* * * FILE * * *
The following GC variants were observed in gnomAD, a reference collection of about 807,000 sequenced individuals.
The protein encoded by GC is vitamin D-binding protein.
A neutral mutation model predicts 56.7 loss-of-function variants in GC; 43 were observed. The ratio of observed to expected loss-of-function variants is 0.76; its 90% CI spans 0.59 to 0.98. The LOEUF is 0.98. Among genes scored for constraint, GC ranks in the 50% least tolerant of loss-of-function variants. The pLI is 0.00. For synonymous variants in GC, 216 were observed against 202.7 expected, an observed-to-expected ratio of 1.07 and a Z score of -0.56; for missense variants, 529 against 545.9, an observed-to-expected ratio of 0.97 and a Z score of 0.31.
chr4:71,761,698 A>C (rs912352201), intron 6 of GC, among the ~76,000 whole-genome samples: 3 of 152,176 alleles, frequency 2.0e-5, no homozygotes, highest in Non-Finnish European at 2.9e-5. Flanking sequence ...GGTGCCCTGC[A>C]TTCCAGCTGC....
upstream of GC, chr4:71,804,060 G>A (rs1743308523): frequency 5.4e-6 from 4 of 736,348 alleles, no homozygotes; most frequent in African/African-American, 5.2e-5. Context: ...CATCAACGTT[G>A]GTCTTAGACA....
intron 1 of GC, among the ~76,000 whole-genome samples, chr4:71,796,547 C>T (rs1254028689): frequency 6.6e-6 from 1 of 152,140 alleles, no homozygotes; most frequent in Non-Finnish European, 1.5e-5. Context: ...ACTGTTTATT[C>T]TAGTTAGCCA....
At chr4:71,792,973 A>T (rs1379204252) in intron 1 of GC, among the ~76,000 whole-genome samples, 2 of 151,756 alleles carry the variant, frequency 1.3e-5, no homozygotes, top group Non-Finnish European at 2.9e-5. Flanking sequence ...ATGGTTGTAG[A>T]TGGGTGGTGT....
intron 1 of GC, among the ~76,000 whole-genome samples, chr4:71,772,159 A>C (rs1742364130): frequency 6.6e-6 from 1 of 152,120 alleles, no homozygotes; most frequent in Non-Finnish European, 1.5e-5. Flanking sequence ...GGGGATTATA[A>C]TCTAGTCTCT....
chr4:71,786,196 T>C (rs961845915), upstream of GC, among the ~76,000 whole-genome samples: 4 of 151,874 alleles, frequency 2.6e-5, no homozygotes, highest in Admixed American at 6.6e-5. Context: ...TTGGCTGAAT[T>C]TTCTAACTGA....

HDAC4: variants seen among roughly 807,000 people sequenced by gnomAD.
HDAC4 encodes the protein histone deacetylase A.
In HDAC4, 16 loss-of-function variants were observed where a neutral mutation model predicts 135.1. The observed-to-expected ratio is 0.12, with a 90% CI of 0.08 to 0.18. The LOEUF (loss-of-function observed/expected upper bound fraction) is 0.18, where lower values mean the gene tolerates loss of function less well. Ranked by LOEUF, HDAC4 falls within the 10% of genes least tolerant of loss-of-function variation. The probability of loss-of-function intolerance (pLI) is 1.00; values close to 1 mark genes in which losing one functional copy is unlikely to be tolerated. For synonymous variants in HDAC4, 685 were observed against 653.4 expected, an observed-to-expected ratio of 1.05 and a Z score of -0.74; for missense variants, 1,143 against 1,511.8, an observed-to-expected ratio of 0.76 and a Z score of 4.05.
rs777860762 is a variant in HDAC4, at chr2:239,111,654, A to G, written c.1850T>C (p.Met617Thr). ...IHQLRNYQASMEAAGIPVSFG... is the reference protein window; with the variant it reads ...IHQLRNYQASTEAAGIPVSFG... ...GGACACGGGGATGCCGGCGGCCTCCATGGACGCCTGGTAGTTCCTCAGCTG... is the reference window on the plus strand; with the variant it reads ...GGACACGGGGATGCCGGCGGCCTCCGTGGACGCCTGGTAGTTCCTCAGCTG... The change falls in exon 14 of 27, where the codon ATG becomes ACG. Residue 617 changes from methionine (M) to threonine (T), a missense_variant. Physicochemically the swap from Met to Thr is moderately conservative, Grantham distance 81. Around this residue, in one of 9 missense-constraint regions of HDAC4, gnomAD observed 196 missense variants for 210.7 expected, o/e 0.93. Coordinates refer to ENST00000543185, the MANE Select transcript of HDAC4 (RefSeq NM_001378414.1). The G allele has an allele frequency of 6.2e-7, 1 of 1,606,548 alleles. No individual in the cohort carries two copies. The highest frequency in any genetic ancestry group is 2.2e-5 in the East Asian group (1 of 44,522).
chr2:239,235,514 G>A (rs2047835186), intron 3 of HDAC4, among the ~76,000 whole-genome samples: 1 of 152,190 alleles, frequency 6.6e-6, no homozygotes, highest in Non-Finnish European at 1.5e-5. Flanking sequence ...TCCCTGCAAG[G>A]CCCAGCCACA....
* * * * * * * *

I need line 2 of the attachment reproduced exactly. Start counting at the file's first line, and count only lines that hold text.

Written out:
The protein encoded by GC is vitamin D-binding protein.